Public Health

What is public health?

  • Public health consists of several specialty areas that address the physical, mental and environmental health concerns of communities and populations at risk for disease and injury. Areas of study include:
    • Behavioral & Social Science
    • Biostatistics & Informatics
    • Community Health
    • Environmental Health
    • Epidemiology
    • Global Health
    • Health Policy & Management
    • Health Promotion & Communication
    • Maternal & Child Health
    • Minority Health & Health Discparities
    • Visit the Association of Schools & Programs of Public Health to learn more about each of these concentrations. 
  • Public health is comprised of many professional disciplines such as medicine, dentistry, nursing, optometry, nutrition, social work, environmental sciences, health education, health services administration, and the behavioral sciences.
  • Public health focuses on entire populations rather than on individual patients, and prevention and health promotion rather than diagnosis and treatment.

For more information, see the American Public Health Association's What is Public Health?

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Becoming a public health practitioner

  1. Obtain an undergraduate degree in any major (4 years)
  2. Attend an accredited public health program/school and obtain Master's in Public Health (1-2 years)
  3. Work in the field
  4. Optional: obtain a Doctor of Public Health

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Academic preparation

  • You can pursue any major and apply to public health programs. 
  • HPA recommends that pre-public health students maintain a minimum GPA of 3.0, although many programs and schools will have GPA averages above this minimum.
  • You might find that many public health programs do not have listed prerequiste courses. Prerequisites can depend on the area of study you are interested in, but in general HPA recommends that students interested in public health take courses in statistics, sociology of health, epidemiology, or health psychology.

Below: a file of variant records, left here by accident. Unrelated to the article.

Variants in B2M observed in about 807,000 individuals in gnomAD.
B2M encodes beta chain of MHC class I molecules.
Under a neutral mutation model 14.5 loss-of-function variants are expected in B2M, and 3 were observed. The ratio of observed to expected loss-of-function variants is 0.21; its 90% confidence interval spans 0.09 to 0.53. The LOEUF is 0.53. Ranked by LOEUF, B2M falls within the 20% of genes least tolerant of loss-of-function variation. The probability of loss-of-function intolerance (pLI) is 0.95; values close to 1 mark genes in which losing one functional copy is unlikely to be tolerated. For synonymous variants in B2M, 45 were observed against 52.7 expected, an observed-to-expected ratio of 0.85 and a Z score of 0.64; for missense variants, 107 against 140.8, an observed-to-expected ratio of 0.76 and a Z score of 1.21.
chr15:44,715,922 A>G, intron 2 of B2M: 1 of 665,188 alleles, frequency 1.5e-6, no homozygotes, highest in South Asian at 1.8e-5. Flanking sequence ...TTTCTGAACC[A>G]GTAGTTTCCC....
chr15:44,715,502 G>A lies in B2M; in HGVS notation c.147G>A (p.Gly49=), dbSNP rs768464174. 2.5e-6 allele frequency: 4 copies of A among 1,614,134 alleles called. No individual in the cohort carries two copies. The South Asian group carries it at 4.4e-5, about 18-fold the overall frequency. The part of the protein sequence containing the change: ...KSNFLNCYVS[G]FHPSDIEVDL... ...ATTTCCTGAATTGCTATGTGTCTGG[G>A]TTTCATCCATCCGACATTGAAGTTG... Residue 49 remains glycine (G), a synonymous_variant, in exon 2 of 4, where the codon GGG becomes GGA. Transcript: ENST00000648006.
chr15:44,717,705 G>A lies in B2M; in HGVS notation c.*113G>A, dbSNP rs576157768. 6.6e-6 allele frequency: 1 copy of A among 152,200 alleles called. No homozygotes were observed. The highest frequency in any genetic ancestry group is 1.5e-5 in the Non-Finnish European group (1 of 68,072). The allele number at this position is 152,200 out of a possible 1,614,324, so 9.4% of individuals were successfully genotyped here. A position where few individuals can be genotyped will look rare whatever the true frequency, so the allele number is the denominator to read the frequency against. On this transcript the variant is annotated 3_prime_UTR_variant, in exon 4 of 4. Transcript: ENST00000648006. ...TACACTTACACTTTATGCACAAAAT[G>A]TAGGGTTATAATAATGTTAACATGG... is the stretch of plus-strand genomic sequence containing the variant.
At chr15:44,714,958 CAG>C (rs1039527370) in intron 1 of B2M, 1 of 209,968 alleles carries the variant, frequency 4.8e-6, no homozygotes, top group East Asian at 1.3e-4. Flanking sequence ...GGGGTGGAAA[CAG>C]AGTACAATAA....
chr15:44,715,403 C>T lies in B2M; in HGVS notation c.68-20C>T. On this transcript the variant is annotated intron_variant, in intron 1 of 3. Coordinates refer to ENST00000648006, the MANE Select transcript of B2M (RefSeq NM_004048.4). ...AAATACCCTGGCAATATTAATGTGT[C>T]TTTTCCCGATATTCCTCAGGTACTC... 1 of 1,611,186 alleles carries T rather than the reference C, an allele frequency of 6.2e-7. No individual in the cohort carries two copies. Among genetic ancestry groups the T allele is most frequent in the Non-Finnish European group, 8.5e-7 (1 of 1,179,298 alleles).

• Pre-public health students should also consider taking undergraduate courses offered by the UC Davis Department of Public Health Sciences. 

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The Graduate Records Exam (GRE) is...

  • required by public health schools and programs. Some schools will waive the GRE requirement if you have already taken the MCAT. 
  • available on a continuous basis throughout the year. 
  • not a content-based test, meaning there are not specific UC Davis courses you need to take to prepare. 
  • includes three sections:
    • Verbal Reasoning
    • Quantitative Reasoning
    • Analytical Writing
  • $160 each time you take it. 

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Pre-Public Health Experiences

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Applying to Public Health Programs

Public Health Application Service (SOPHAS)
  • The SOPHAS application is open almost all year. The 2016-2017 application cycle opened on August 18, 2016 and closes on August 3, 2017.
  • Not all schools and programs participate in SOPHAS. If a program does not use SOPHAS, you will need to apply through their graduate school application and will find instructions on the program's website on how to do so. 
Personal Statement
  • Each public health program has its own statement of purpose that you will upload individually. Most statements are 1-2 pages long (single-spaced). Expect to answer the following questions in each statement:
    • Why are you pursuing a degree in public health?
    • Why do you wish to pursue your degree at this particular school/program?
    • What are your career goals?
  • The personal statement is your first chance to provide admissions committees with subjective information about your qualifications and your reasons for choosing this particular career. In other words, the personal statement is your initial opportunity to present yourself as an interesting and unique applicant who deserves a closer look.
Resume
Transcripts
  • SOPHAS offers all applicants the option to have coursework professionally entered through the Professional Transcript Entry Service for an additional fee. Otherwise, plan to spend 1-2 hours entering your coursework on your own.
  • Always use official transcripts when entering coursework. Coursework entered in the application must match your transcripts exactly, otherwise your application processing could be delayed.
Letters of Recommendation
  • SOPHAS requires you to submit a minimum of three letters of reference, also called evaluations. Each public health program will have its own letter writer requirements, but HPA recommends that you obtain at least one letter from someone in academics and one letter you know from a professional or extracurricular experience. Make sure you check your school/program's letter requirements before applying. 
Interviews
  • Public health programs do not typically require interviews.
Supplemental Applications
  • Some programs will ask you to submit an additional application specific to that school. Supplemental applications may entail additional short answers or questionnaires. You will typically be notified of any supplemental application via email after you submit your SOPHAS.
Choosing Where to Apply

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